"Little did we know that we would be thrown into orbit by this stunning, stunning reaction," Maazel said after the performance.

The U.S. and North Korean flags hang at the side of the stage and the audience stands while Music Director Lorin Maazel conducts the New York Philharmonic playing the U.S. national anthem before the start of their concert at the Grand Theatre in the Pyongyang, North Korea, Feb. 26, 2008.
The U.S. and North Korean flags hang at the side of the stage and the audience stands while Music Director Lorin Maazel conducts the New York Philharmonic playing the U.S. national anthem before the start of their concert at the Grand Theatre in the Pyongyang, North Korea, Feb. 26, 2008.

In 2009, Maazel founded the Castleton Festival, an annual summer event on his Virginia farm, where he held performances and training seminars.  The festival gave promising young musicians the opportunity to perform in high-level productions, and learn from famous artists. Maazel was the lead tutor, teaching conducting, coaching singers and instrumentalists, and leading performances with his baton.

He had been rehearsing and preparing for the festival when he died on Sunday.

Maazel is survived by his wife Dietlinde Turban-Maazel and their two sons and a daughter, three daughters and a son from previous marriages, and four grandchildren.

VOA's Eric Felten contributed to this report.  

You May Like

Jihadist Assassin says Goal of Tunisia Murders Was Chaos

Abu Muqatil at-Tunusi’s remarks in a propaganda interview also cast light on attack on Bardo Museum More

Russia Denies License to Tatar-Language TV Station in Crimea

OSCE official says denial shows 'politically selective censorship of free and independent voices in Crimea is continuing' More

Kenyan Startups Tackle Expensive Remittances Through Bitcoin

Some think services could give Western Union a run for its money, though others say it’s still got a long way to go More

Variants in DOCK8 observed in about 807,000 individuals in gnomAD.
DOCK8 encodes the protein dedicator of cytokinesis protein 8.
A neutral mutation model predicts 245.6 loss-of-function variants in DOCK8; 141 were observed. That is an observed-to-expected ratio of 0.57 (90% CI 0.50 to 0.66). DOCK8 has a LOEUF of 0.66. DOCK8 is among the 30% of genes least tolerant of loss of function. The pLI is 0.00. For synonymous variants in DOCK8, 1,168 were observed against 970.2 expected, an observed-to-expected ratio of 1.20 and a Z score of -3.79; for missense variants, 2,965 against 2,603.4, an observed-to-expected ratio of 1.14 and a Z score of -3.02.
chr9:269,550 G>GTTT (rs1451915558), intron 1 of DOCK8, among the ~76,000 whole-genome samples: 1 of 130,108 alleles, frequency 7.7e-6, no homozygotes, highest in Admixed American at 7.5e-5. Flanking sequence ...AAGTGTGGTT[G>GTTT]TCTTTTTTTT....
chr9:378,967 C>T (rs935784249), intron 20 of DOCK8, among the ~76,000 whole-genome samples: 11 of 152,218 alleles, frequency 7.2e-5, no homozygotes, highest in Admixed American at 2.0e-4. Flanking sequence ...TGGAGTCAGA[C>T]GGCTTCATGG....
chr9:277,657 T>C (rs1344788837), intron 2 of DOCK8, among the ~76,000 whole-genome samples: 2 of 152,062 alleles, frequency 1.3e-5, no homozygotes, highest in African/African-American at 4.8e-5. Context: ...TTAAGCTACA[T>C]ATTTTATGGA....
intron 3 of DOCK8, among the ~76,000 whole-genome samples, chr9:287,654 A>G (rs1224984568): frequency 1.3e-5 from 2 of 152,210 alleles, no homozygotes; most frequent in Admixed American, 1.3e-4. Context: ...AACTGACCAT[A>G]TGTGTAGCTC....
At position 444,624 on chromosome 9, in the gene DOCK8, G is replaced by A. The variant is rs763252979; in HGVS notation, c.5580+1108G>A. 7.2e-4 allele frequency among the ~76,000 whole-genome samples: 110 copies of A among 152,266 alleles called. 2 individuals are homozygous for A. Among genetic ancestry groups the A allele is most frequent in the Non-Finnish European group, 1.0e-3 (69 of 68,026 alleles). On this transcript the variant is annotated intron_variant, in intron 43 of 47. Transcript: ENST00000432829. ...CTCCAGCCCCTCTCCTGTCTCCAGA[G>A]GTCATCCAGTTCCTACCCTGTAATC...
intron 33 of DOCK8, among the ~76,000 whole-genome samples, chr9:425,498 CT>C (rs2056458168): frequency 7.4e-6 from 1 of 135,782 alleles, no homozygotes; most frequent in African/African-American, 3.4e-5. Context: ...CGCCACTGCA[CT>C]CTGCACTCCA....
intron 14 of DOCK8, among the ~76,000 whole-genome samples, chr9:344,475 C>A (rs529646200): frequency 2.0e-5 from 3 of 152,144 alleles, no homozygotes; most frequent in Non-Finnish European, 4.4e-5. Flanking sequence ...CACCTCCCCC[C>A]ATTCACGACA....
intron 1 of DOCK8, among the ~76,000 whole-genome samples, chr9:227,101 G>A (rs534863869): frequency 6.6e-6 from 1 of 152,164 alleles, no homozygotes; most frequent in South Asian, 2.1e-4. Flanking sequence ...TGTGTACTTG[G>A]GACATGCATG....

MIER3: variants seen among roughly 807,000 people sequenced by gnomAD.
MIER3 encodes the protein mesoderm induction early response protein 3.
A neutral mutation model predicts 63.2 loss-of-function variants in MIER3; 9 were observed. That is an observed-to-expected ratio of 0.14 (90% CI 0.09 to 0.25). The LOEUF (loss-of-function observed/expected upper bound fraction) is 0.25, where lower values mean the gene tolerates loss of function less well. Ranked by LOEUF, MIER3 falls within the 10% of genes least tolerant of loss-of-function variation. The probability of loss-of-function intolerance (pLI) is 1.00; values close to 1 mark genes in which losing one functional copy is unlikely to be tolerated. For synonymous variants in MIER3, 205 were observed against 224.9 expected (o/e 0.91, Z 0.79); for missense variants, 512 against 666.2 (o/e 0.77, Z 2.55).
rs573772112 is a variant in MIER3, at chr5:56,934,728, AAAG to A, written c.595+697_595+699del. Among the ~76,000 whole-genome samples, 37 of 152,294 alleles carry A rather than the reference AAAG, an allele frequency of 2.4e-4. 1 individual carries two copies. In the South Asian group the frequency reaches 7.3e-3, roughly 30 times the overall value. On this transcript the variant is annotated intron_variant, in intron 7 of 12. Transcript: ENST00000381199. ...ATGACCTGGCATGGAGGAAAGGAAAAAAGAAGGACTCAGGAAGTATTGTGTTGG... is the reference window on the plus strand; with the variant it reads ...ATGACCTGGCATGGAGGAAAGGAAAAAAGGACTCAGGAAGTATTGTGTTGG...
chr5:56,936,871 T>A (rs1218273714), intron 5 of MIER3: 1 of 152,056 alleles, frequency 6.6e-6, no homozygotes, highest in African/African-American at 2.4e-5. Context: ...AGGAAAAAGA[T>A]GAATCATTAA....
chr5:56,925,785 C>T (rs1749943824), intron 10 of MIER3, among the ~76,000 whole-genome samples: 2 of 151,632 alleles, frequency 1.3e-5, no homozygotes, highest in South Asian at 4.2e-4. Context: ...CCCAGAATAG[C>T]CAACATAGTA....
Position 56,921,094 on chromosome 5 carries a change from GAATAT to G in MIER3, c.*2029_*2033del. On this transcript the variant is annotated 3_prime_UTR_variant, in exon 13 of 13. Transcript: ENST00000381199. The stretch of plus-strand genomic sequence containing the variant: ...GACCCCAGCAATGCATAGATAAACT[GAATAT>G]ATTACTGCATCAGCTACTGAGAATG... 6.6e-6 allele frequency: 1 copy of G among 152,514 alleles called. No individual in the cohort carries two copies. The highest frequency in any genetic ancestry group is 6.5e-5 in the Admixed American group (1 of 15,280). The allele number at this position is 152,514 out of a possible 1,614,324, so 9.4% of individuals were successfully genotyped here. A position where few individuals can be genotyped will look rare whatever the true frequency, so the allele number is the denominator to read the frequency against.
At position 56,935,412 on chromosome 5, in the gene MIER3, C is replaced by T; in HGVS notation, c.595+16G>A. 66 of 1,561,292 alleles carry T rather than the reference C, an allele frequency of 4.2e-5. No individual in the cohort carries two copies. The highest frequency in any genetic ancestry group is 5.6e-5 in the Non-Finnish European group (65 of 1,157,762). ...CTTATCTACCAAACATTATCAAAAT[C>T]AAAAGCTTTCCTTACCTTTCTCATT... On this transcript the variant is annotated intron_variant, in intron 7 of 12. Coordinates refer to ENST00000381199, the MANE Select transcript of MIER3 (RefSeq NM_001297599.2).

This forum has been closed.
Comments
     
There are no comments in this forum. Be first and add one

Featured Videos

Your JavaScript is turned off or you have an old version of Adobe's Flash Player. Get the latest Flash player.
For Obama, It's More Business Than Friendships With World Leadersi
X
Aru Pande
April 01, 2015 9:09 PM
The rift between President Barack Obama and Israeli Prime Minister Benjamin Netanyahu has put a spotlight on the importance of the American leader’s personal relationships with other world leaders and what role such friendships play in foreign policy. VOA's Aru Pande reports.
Video

Video For Obama, It's More Business Than Friendships With World Leaders

The rift between President Barack Obama and Israeli Prime Minister Benjamin Netanyahu has put a spotlight on the importance of the American leader’s personal relationships with other world leaders and what role such friendships play in foreign policy. VOA's Aru Pande reports.
Video

Video Buhari: Nigeria Has ‘Embraced Democracy’

Nigeria woke up to a new president-elect Wednesday, Muhammadu Buhari. But people say democracy is the real winner as the country embarks on its first peaceful handover of power since the end of military rule in 1999. VOA’s Anne Look reports from Abuja.
Video

Video Tiny Camera Sees Inside Blood Vessels

Ahead of any surgical procedure, doctors try to learn as much as possible about the state of the organs they plan to operate on. A new camera developed in the Netherlands can now make that easier - giving surgeons an incredibly detailed look inside blood vessels, all the way to the patient’s heart. VOA’s George Putic has more.
Video

Video Latin American Groups Seek Fans at Texas Music Festival

Latin American music groups played all over Austin, Texas, during the recent South by Southwest festival, and some made fans out of locals as well as people from around the world who had come to hear music. Such exposure can boost such groups' image back home. VOA’s Greg Flakus reports.